Wednesday, 16 May 2012

Taking Criticism

Hello all. It feels like ages since we last spoke. I have been busy re-drafting the first few chapters of The Dating Game.  I haven't actually written anything new for 8 days...but I have not been idle. I have been working on a marketing campaign for Sign of the Times (which incidentally will be FREE on Amazon this weekend - Fri through Sun).
So, my editor, Drill Sergeant Fi Broon sent me her comments on my first few chapters. Oh, how I love that sea of red. It reminds me of being back at school. Unfortunately when I do well, she doesn't give me gold stars, or even silver ones, like my primary teachers did!
Chapter 1, she started off tentatively just pointing out sections which weren't 100% clear to her as a reader (they were clear to me in my head..).  By chapter 2, by her own admission, she had become if not downright vicious, certainly she wasn't holding back any. Imagine a cross of a Drill Sergeant with a snarling Rottweiler and you're close!
So, how do I cope with criticism? Well, I am fortunate enough that Fi and I have been friends a long time, and also if you were to look on Wikipedia at the definition of pachyderm, it says alongside elephant and rhinoceros, Susan Buchanan... To be fair, if I spend any more time at this laptop, I will be the size of the former two also!
Many people ask me (other indie writers usually), how I can bear for my work to be revised/criticised so stringently by someone else. My answer is because I know that by having an independent set of eyes look it over, it becomes a much stronger piece of work. I probably take about 50%, maybe slightly more of Fi's suggestions. We call the WIP, The Rainbow, because of the sheer variety of colours we have all the different types of modifications in - deletions, additions, comments, unsure whether to change etc.
What is particularly good is when Fi points out, 'that section adds nothing', or 'Sooz, that is total waffle'.  Most of the time I agree.  Maybe I was going off on a tangent, or as she told me yesterday, 'that section can be used, but here's not the place for it' and she was right. We have a fun ping pong battle back and forth, where I tell her I'm not changing this piece, just because and that's it, no further explanation required. But occasionally, if she feels really strongly that what I am leaving in is detrimental, she will try another tack to get me to remove it!! I am generally good at taking criticism, but I know others are not and it can be a very emotional experience to have others review your work. There's a difference between someone doing a hatchet job and someone trying to give you constructive criticism - recognising the difference can be key.  Try to remember it's nothing personal - generally people want to help. It can be hard to take a step back, but keep telling yourself it's for the good of your novel. You don't have to implement the changes suggested, but it certainly pays to keep an open mind.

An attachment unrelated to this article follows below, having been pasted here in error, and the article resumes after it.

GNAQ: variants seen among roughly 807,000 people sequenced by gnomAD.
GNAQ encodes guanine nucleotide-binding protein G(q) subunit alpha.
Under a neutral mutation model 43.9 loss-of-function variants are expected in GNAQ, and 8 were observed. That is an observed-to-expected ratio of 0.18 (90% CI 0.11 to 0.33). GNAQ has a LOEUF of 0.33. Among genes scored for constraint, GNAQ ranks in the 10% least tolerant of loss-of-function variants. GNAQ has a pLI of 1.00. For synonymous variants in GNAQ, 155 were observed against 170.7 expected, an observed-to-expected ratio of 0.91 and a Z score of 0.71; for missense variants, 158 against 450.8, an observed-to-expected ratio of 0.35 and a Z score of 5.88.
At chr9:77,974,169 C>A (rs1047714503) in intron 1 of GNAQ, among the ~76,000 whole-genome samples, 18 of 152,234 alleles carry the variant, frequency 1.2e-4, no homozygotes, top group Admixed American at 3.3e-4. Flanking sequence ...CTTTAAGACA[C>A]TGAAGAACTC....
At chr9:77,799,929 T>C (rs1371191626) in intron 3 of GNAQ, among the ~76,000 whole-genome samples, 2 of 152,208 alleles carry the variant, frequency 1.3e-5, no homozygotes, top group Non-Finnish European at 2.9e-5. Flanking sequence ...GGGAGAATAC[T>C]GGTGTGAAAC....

Right, I need to prepare for my promo this weekend. More next week. Have a good one, Sooz
PS here are the links for Sign of the Times - (UK) - (US)
If you download after 00.00 PST on Fri 18th (so 8am Fri GMT & 3am EST), you will get it for free.  Enjoy and feel free to leave a review, Sooz


  1. Great post. Taking constructive criticism makes us better writers. (A little constructive crit here... paragraphs. Please. It would be easier to read long posts.)


    1. hi Tami, glad you enjoyed the post & thanks for visiting the blog. Point taken. Was rushing out the door today as finished this up and hadn't checked my paras - note to self! Sooz

  2. I have a Fi as well and can empathize. I've been working with my mentor and coach for six years now. I remember when I first started working with him and had little in the way of craft mastery, the constructive feedback usually left me feeling like a failure for a good 24 hours. It was my blinding ambition and stubbornness that kept me going and he's made me all the better for it.
    Without fail, every time I'm approached or asked by someone who is considering writing for a piece of advice, I always offer the same answer - get help! What you think is great is probably crap. What you think is good is likely better, and what you think needs work means you're growing and are able to emotionally detach yourself from your work. Only when you have the ability to look at your own work objectively will you grow as a writer. Feedback and criticism are so necessary for growth. The unfortunate reality is that most writers only receive the feedback in the form of a rejection letter. Seeking out help during the writing process and not getting defensive about the feedback seem to be the exception and not the norm. Thanks for sharing and best of luck to you with your writing endeavors!
    Jim Moorman

    1. hi Jim. First of all, apologies it has taken so long to post this reply, but as you know, I've been kind of manic! I completely agree with your comments. I've gained a thick skin over the years (is that what those extra pound are!) but I know that many writers howl in pain when anyone criticises them. Don't get me wrong I have my moments when I want to bawl too, but as long as we are learning from it and constantly honing our work, we are going in the right direction.